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Environment & Science

‘A brighter, greener future’: Palmer Township earns Tree City USA designation

Tree City street sign
Arbor Day Foundation
Residents will soon see Tree City USA signs posted throughout Palmer Township, as the municipality was named a 2022 Tree City USA by the Arbor Day Foundation.

PALMER TWP., Pa. — Trees are important, not only for the environment, but for residents, too, Paige Strasko said Monday.

  • Palmer Township recently earned a 2022 Tree City USA designation from the Arbor Day Foundation
  • There are more than 100 Pennsylvania municipalities, including Allentown, Bethlehem and Easton, recognized in the program 
  • Township officials are having a tree-planting celebration at 10 a.m. Friday

“We all know that trees not only help to clean the air, but they also create space in the soil for water to penetrate and be cleaned through its natural processes,” said Paige Strasko, the township’s environmental administrator. “It's the clean air, shadier streets and definitely an aesthetic aspect of that beauty from street trees that just increases the mental health of our residents in our community overall.”

The township last month was named a 2022 Tree City USA by the Arbor Day Foundation in honor of its commitment to effective urban forest management. One of several municipalities across the Lehigh Valley to earn the designation, officials said the advantages of widespread, healthy trees in a community can range from environmental benefits, like improving air quality, to enhancing the visual appeal of a neighborhood and increasing property values.

“Everyone benefits when elected officials, volunteers and committed citizens in communities like Palmer Township make smart investments in urban forests,” said Dan Lambe, chief executive officer of the Arbor Day Foundation. “Trees bring shade to our homes and beauty to our neighborhoods, along with numerous economic, social and environmental benefits.

“Palmer Township has taken steps to create a brighter, greener future.”

Palmer Township has taken steps to create a brighter, greener future.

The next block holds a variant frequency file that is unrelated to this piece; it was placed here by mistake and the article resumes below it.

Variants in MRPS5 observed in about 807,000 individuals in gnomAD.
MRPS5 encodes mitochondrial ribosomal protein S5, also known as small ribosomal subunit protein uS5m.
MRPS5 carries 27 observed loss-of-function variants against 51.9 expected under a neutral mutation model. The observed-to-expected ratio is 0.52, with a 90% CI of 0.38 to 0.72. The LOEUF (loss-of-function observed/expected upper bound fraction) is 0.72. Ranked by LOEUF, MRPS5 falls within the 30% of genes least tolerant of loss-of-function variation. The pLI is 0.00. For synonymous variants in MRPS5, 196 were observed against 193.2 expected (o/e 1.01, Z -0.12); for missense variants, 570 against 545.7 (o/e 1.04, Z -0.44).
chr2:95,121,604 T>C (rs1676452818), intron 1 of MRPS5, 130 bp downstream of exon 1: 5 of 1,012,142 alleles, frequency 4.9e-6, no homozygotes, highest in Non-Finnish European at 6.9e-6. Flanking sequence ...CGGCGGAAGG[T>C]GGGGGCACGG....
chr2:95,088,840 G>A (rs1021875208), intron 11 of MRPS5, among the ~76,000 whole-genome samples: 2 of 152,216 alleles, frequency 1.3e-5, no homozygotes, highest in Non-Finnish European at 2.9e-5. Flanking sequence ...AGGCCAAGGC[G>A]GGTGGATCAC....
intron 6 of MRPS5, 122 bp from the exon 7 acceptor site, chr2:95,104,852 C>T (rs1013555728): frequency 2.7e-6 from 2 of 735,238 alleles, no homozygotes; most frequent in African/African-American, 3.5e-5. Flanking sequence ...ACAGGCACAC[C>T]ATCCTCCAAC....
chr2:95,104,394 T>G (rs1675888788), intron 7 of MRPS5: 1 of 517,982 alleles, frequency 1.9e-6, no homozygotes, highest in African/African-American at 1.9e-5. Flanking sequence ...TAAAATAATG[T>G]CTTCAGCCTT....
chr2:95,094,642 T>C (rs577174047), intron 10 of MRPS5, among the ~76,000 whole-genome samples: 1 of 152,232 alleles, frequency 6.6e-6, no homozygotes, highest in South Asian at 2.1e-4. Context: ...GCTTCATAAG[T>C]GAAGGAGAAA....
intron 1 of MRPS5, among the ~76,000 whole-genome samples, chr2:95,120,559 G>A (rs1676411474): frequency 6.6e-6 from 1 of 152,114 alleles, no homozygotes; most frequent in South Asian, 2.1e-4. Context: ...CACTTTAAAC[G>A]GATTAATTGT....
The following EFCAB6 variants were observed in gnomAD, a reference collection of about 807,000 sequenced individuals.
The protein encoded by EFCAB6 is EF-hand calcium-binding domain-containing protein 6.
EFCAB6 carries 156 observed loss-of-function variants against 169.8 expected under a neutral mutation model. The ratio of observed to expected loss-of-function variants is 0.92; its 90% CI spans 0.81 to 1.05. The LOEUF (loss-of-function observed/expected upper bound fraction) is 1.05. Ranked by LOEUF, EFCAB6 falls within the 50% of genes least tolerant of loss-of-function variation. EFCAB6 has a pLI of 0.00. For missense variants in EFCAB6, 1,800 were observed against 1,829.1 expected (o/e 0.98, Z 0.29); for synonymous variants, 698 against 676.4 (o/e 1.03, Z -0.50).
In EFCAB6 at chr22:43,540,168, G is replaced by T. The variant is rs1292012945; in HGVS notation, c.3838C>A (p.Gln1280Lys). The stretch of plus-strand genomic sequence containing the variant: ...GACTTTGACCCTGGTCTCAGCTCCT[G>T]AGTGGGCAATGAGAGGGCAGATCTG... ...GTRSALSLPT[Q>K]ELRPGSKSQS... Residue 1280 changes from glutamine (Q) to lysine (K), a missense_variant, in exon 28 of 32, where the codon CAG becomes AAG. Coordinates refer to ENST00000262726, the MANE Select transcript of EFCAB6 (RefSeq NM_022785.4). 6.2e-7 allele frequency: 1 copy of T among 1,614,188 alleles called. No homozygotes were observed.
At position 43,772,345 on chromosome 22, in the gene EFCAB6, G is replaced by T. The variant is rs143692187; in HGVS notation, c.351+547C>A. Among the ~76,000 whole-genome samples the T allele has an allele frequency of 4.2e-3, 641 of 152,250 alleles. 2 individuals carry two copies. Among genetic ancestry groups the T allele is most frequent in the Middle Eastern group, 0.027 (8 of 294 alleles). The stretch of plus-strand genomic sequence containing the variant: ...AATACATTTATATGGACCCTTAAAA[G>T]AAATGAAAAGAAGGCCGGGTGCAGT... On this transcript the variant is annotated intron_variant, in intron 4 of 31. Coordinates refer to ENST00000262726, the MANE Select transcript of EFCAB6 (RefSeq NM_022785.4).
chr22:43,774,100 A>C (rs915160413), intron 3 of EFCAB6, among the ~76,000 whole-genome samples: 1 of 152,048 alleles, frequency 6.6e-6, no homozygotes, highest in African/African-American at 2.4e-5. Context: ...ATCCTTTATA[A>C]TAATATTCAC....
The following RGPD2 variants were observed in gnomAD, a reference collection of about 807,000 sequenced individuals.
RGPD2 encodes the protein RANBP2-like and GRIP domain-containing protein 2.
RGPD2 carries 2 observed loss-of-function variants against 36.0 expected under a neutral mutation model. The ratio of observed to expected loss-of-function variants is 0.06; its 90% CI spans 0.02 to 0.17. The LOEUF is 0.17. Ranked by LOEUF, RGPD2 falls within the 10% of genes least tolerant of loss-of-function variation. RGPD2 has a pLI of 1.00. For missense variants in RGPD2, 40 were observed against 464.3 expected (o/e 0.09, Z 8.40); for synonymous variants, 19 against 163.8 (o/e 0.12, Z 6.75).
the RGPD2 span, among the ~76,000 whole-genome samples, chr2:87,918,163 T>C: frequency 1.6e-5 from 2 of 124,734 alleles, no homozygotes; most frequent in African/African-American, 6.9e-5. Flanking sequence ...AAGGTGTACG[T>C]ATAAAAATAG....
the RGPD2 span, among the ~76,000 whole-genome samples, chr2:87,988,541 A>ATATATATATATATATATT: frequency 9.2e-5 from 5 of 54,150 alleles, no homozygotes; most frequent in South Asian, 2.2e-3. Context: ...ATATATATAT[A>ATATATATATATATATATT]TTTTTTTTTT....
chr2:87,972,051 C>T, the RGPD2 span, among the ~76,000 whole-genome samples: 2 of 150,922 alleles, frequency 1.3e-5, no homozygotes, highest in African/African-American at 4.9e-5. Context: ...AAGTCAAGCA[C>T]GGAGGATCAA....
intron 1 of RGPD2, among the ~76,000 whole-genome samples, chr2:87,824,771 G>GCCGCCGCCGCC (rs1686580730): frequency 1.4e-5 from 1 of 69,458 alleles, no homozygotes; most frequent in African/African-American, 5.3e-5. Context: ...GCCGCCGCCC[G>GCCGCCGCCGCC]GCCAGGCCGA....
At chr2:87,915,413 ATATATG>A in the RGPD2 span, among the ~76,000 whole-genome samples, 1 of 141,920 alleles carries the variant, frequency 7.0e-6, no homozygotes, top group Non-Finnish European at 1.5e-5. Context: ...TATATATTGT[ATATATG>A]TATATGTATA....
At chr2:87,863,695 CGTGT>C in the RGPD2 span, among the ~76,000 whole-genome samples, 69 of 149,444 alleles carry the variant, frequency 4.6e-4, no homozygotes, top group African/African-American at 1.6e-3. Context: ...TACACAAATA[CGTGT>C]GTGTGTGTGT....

Dan Lambe, chief executive of the Arbor Day Foundation

There are more than 100 Pennsylvania municipalities with the designation, according to the Arbor Day Foundation, a nonprofit focused on planting trees across the country. With so many cities participating, just shy of 30% of the commonwealth’s residents live in a Tree City USA community. The Lehigh Valley’s major cities, Allentown, Bethlehem and Easton, have received the designation for decades.

Started in 1976, Tree City USA is one of the foundation’s oldest programs, according to its website. The program includes more than 3,600 communities from all 50 states, Washington D.C. and Puerto Rico.

Designation requirements

The program has four main requirements in order for a municipality to capture the title: a tree board or department, a tree-care ordinance, an annual community forestry budget of at least $2 per capita and an Arbor Day observance and proclamation.

The township’s Shade Tree Commission has been working in the municipality for decades, Strasko said. It was originally established in 1974.

“We sort of revamped the commission and tried to get some new membership, some more interest from the community in what the shade tree commission does,” she said. “And from that initiative, we started working on removing dead or diseased street trees. And this year, we'll be working on replanting those street trees that we removed.

“So that was really the main initiative to go out and seek this recognition and membership with the Tree City program through Arbor Day Foundation.”

Between 150 and 160 trees have been removed from township land, Strasko said.

As officials begin to replant, there’s a strong emphasis on biodiversity.

“When you have a lot of the same species planted in neighborhoods, it can wipe out that entire neighborhood,” she said. “That's going to be part of the educational programs the commission is looking to roll out this year and upcoming years.”

“To teach residents about what they can do at home, how we plan to plan our environment better, where things are planted, and the maintenance and care of our trees.”

Officials are working on updating the township’s tree-care ordinance, she said.

“Palmer Township’s ordinance right now has mainly a lot of protection for trees during construction phases,” she said. “We are looking to update and again revamp our street tree ordinance to give a little bit better protection outside of that construction phase of developments or warehouses.”

The township also met the program’s spending requirement through recent diseased or dead tree removals — the township has about 22,500 residents and $2 per capita equates to about $45,000.

Observing Arbor Day

The program’s final requirement, an Arbor Day observance, is set for Friday, also recognized as National Arbor Day. Township officials are slated to plant six trees starting at 10 a.m. at the Charles Chrin Community Center, 4100 Green Pond Road.

“Palmer Township wanted to start off strong with our first year, planting multiple trees in a municipal-owned spot of land at the community center and really taking the opportunity to educate and do some more outreach to let our residents know that we are part of this program now, and we're looking to make improvements for our future,” Strasko said.

They’ll be planting two each of the following trees: American hornbeams, sweetgums and sweetbay magnolias, she said.

“This is our first year and the community is excited to continue these efforts into the future and hopefully grow and expand our urban forest in Palmer Township,” she said.